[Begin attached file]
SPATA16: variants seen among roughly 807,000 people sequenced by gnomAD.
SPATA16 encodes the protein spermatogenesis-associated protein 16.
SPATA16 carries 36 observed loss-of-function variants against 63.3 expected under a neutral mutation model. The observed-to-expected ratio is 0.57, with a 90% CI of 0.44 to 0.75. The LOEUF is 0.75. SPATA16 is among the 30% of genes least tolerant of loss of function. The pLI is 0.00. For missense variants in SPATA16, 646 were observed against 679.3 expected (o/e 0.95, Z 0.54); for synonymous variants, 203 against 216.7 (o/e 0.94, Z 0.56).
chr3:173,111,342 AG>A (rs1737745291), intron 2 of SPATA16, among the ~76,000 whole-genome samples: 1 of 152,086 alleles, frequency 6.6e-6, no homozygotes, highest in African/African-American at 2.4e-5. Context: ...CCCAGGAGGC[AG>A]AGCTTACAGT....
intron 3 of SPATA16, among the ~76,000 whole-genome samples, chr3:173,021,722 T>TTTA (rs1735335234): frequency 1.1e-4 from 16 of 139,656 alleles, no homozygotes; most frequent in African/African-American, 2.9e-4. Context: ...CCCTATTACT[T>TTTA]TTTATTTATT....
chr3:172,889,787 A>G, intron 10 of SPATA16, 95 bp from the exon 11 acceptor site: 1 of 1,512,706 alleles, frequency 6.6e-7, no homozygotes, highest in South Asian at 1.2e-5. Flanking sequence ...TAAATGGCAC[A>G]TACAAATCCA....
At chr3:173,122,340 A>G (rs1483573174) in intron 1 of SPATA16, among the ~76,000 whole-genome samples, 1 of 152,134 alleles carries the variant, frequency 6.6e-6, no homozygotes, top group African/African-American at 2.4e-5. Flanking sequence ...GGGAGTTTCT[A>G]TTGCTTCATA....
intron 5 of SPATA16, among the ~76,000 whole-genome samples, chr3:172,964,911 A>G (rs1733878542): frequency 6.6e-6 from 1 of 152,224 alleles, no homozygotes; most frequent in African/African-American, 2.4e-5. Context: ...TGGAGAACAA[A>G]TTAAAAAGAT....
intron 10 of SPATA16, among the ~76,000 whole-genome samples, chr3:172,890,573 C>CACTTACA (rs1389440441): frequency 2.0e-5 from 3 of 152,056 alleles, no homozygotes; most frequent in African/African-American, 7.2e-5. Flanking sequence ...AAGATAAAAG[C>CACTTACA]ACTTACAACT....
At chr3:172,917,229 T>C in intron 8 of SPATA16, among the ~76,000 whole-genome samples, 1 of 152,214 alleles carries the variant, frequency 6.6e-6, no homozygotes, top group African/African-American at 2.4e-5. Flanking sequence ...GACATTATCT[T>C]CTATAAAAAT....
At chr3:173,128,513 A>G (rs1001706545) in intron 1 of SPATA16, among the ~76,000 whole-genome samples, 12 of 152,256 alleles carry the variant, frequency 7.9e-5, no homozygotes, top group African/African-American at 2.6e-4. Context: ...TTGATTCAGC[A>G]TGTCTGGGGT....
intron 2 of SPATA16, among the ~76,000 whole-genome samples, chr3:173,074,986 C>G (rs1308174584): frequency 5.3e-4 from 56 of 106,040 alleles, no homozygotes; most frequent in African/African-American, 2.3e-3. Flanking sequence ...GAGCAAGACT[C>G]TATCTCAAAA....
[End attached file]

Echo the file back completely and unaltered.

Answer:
SPATA16: variants seen among roughly 807,000 people sequenced by gnomAD.
SPATA16 encodes the protein spermatogenesis-associated protein 16.
SPATA16 carries 36 observed loss-of-function variants against 63.3 expected under a neutral mutation model. The observed-to-expected ratio is 0.57, with a 90% CI of 0.44 to 0.75. The LOEUF is 0.75. SPATA16 is among the 30% of genes least tolerant of loss of function. The pLI is 0.00. For missense variants in SPATA16, 646 were observed against 679.3 expected (o/e 0.95, Z 0.54); for synonymous variants, 203 against 216.7 (o/e 0.94, Z 0.56).
chr3:173,111,342 AG>A (rs1737745291), intron 2 of SPATA16, among the ~76,000 whole-genome samples: 1 of 152,086 alleles, frequency 6.6e-6, no homozygotes, highest in African/African-American at 2.4e-5. Context: ...CCCAGGAGGC[AG>A]AGCTTACAGT....
intron 3 of SPATA16, among the ~76,000 whole-genome samples, chr3:173,021,722 T>TTTA (rs1735335234): frequency 1.1e-4 from 16 of 139,656 alleles, no homozygotes; most frequent in African/African-American, 2.9e-4. Context: ...CCCTATTACT[T>TTTA]TTTATTTATT....
chr3:172,889,787 A>G, intron 10 of SPATA16, 95 bp from the exon 11 acceptor site: 1 of 1,512,706 alleles, frequency 6.6e-7, no homozygotes, highest in South Asian at 1.2e-5. Flanking sequence ...TAAATGGCAC[A>G]TACAAATCCA....
At chr3:173,122,340 A>G (rs1483573174) in intron 1 of SPATA16, among the ~76,000 whole-genome samples, 1 of 152,134 alleles carries the variant, frequency 6.6e-6, no homozygotes, top group African/African-American at 2.4e-5. Flanking sequence ...GGGAGTTTCT[A>G]TTGCTTCATA....
intron 5 of SPATA16, among the ~76,000 whole-genome samples, chr3:172,964,911 A>G (rs1733878542): frequency 6.6e-6 from 1 of 152,224 alleles, no homozygotes; most frequent in African/African-American, 2.4e-5. Context: ...TGGAGAACAA[A>G]TTAAAAAGAT....
intron 10 of SPATA16, among the ~76,000 whole-genome samples, chr3:172,890,573 C>CACTTACA (rs1389440441): frequency 2.0e-5 from 3 of 152,056 alleles, no homozygotes; most frequent in African/African-American, 7.2e-5. Flanking sequence ...AAGATAAAAG[C>CACTTACA]ACTTACAACT....
At chr3:172,917,229 T>C in intron 8 of SPATA16, among the ~76,000 whole-genome samples, 1 of 152,214 alleles carries the variant, frequency 6.6e-6, no homozygotes, top group African/African-American at 2.4e-5. Flanking sequence ...GACATTATCT[T>C]CTATAAAAAT....
At chr3:173,128,513 A>G (rs1001706545) in intron 1 of SPATA16, among the ~76,000 whole-genome samples, 12 of 152,256 alleles carry the variant, frequency 7.9e-5, no homozygotes, top group African/African-American at 2.6e-4. Context: ...TTGATTCAGC[A>G]TGTCTGGGGT....
intron 2 of SPATA16, among the ~76,000 whole-genome samples, chr3:173,074,986 C>G (rs1308174584): frequency 5.3e-4 from 56 of 106,040 alleles, no homozygotes; most frequent in African/African-American, 2.3e-3. Flanking sequence ...GAGCAAGACT[C>G]TATCTCAAAA....